Deterioration of HRV in patients with ESRD was shown in many studies [16,32-35]. Vita et al., performed a study with 30 ESRD patients undergoing haemodialysis and they have found autonomic dysfunction in 53% of patients by HRV [32]. In another study, it has been reported that HRV values were lower in ESRD patients who did not start the dialysis compared with the patients undergoing haemodialysis or peritoneal dialysis [16]. However, there was no consensus regarding the alterations in HRV values during the haemodialysis process [33-36]. Consistent with these studies, Hayano et al., stated that HRV was the independent predictive indicator of the mortality and sudden cardiac death in ESRD patients [37].

Cardiovascular risks decrease with the renal transplantation (annual fatal and/or nonfatal cardiovascular event risk is 3.5-5%). Nonetheless, cardiovascular risk is still high when compared with general population [38]. Studies on patients who underwent renal transplantation indicated that HRV increased in the early period [39-41]. These results were contradictory with outcomes of the large trial was done in 60141 renal transplanted patients [17]. The study showed that the cardiovascular risk after transplantation reached to the highest level in the early period particularly in the first three months [17]. In our study, HRV parameters were evaluated before and after the transplantation in the early period. The HRV values obtained after the transplantation were not significantly different compared with the values obtained before the transplantation. As a matter of fact, the values slightly decreased upon transplantation. In the early period both before and after the transplantation, SDNN value was lower than the cut-off value (<100 msn) that was implied as the indicator of the cardiovascular risk mentioned in the previous studies. According to our results, HRV can be evaluated as the indicator of the high cardiovascular risk despite the restored renal functions after the transplantation.

It has been known that the prevalence of traditional cardiovascular risk factors increased in renal transplanted patients. Besides, it has also been stated that the presence of pre-transplantation cardiovascular disease was the strong indicator of the post-transplantation [42]. Meanwhile, these patients are also faced with the additional risks due to the chronic renal disease and dialysis [43]. Furthermore, it has been reported that the immunosuppressive agents that are used in order to prevent the graft rejection and acute rejection attacks also increase the cardiovascular risk in the renal transplanted patients [44,45]. When all these taken into consideration, it can be explained why HRV values were not significantly altered in the early period in our study.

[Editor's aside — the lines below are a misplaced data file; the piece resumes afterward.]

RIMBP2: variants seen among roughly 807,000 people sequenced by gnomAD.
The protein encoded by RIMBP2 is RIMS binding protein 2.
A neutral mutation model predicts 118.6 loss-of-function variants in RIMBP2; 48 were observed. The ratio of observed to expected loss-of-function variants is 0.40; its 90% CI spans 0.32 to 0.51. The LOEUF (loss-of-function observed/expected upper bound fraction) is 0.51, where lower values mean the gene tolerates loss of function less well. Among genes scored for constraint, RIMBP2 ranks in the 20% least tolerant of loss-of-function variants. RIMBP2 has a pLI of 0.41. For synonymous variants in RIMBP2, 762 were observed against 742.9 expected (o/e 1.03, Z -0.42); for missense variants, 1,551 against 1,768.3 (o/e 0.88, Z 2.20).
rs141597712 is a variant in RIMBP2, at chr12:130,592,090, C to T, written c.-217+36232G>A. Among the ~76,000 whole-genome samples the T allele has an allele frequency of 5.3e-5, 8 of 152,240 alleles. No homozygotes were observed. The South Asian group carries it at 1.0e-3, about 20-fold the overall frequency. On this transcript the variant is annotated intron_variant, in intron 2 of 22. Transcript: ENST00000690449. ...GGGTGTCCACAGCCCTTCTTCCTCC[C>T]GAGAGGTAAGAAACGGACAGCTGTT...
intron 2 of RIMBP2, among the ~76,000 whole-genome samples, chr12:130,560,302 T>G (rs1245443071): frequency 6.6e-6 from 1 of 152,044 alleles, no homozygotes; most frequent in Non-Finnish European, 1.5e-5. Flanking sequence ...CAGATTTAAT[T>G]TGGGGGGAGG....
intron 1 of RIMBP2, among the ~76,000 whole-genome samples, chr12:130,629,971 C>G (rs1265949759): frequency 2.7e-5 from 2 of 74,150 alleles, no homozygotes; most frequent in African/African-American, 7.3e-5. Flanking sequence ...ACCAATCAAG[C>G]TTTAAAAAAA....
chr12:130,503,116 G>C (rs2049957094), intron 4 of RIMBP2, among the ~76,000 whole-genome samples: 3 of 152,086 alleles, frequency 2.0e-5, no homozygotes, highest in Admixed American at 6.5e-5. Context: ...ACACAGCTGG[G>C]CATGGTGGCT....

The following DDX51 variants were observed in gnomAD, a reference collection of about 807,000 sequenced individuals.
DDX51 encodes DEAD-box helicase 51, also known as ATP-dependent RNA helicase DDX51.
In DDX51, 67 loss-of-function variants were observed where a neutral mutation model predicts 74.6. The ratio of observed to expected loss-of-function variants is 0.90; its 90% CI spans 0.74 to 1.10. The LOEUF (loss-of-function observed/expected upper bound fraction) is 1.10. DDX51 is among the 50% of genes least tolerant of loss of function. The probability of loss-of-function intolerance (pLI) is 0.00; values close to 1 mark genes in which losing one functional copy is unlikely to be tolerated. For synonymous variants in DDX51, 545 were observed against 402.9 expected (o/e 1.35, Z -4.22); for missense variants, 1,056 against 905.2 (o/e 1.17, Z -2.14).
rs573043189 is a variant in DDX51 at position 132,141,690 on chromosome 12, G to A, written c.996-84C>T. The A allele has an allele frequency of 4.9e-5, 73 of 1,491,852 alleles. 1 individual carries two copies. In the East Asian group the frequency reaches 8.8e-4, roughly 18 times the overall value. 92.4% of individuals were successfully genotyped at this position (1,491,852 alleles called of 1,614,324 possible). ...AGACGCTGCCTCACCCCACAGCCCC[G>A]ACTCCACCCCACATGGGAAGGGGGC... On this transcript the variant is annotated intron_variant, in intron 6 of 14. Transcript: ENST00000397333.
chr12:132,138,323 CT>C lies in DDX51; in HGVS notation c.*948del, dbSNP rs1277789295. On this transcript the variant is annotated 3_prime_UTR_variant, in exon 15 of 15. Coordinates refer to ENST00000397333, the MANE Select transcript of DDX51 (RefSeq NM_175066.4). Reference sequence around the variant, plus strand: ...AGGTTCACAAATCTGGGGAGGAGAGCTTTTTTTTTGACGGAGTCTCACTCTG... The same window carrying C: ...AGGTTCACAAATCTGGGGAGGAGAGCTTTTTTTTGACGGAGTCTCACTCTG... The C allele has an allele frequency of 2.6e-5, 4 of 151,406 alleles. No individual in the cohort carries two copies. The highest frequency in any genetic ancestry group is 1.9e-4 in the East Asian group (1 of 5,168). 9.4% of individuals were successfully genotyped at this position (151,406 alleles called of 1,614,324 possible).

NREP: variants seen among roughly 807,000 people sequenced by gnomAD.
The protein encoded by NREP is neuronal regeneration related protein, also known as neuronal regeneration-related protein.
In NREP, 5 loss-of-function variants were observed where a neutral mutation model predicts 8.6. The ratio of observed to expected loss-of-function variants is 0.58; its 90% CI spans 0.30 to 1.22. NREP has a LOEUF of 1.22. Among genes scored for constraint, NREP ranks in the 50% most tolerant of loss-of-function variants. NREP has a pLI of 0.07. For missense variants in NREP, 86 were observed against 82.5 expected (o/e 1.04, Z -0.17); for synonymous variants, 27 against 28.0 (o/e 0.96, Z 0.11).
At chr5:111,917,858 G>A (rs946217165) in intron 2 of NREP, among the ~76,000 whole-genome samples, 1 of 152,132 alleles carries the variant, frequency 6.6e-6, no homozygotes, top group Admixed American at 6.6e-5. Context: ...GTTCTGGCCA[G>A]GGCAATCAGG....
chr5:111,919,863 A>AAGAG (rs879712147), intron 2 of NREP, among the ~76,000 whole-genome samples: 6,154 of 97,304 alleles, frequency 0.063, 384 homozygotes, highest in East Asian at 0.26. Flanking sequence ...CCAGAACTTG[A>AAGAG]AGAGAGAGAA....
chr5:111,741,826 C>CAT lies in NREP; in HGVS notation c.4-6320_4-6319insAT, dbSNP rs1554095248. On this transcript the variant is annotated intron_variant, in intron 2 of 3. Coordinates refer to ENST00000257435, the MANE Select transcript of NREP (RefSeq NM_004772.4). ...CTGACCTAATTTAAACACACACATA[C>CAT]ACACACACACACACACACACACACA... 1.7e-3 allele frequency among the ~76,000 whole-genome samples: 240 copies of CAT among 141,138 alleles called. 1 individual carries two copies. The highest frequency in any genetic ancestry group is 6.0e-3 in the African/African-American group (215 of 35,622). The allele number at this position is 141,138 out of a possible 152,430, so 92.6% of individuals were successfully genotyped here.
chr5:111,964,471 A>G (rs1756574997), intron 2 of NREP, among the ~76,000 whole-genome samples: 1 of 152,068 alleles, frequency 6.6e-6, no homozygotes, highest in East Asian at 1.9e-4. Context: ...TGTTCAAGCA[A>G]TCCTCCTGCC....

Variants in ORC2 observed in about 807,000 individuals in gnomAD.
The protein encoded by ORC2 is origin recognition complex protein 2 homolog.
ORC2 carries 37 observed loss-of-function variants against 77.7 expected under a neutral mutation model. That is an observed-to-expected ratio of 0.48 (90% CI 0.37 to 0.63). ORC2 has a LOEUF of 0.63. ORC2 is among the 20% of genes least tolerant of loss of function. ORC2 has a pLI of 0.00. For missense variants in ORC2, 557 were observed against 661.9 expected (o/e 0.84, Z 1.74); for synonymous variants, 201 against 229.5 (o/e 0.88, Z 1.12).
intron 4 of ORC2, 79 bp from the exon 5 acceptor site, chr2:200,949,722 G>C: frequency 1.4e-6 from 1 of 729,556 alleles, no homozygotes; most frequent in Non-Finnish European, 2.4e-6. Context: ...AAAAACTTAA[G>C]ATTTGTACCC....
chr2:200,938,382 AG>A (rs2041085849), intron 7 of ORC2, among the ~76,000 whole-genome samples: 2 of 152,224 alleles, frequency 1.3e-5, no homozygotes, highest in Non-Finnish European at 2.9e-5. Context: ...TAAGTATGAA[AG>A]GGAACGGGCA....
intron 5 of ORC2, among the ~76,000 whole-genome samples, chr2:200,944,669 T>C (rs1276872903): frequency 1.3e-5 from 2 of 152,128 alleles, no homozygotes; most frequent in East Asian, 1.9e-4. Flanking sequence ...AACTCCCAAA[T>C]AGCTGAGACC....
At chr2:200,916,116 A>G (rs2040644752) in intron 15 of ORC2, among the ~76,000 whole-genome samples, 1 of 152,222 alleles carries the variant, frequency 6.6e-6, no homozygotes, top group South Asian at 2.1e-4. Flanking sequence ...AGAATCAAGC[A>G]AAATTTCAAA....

+LV hypertrophy is frequently observed in patients with CKD related to anaemia; uraemia and HT depending on the chronic volume overload [46]. The frequency of the LV hypertrophy in ESRD patients was reported as 74% [46]. Upon renal transplantation, the decrease in the LV hypertrophy and regression in the LV mass index were showed in many studies. Montanaro et al., have observed that the prevalence of the LV hypertrophy was shown to be decreased from 78% to 44% after the two years of follow-up in the renal transplanted patients [47]. Similarly, Dounousi et al., have detected that there was a decrease in LV mass index in ESRD patients after renal transplantation [48]. Consistent with previous studies, we have detected the decrease in both LV mass index and LV hypertrophy. These changes can be explained with better blood pressure control, improvement in renal function, and decrease in volume and pressure overload in the early period of renal transplantation.

Limitations

Performing the study with comparatively low number of patients can be the limitation of our study. Besides, there was no finding regarding to the association between the HRV and the long-term cardiovascular risks because there were no longterm follow-up results. In our study, we have shown that there was a decrease in the HRV in renal transplanted patients compared with the pre-transplantation period. Since there was an inconsistency with other studies, our results should be supported by the prospective long-term follow-up studies with the higher number of patients.

Conclusions

There were downward trends of HRV values at the end of the third month of the transplantation. This finding can be the indicator of the comparatively increased risk of cardiovascular risk in the early period upon renal transplantation.

Acknowledgements

All procedures followed were in accordance with the ethical standards of the responsible committee on human experimentation (institutional and national) and with the Helsinki Declaration of 1975i as revised in 2008. The study was approved by the local review and ethic board. Patients were comprehensively informed about the study, and their verbal and written consents were obtained.

References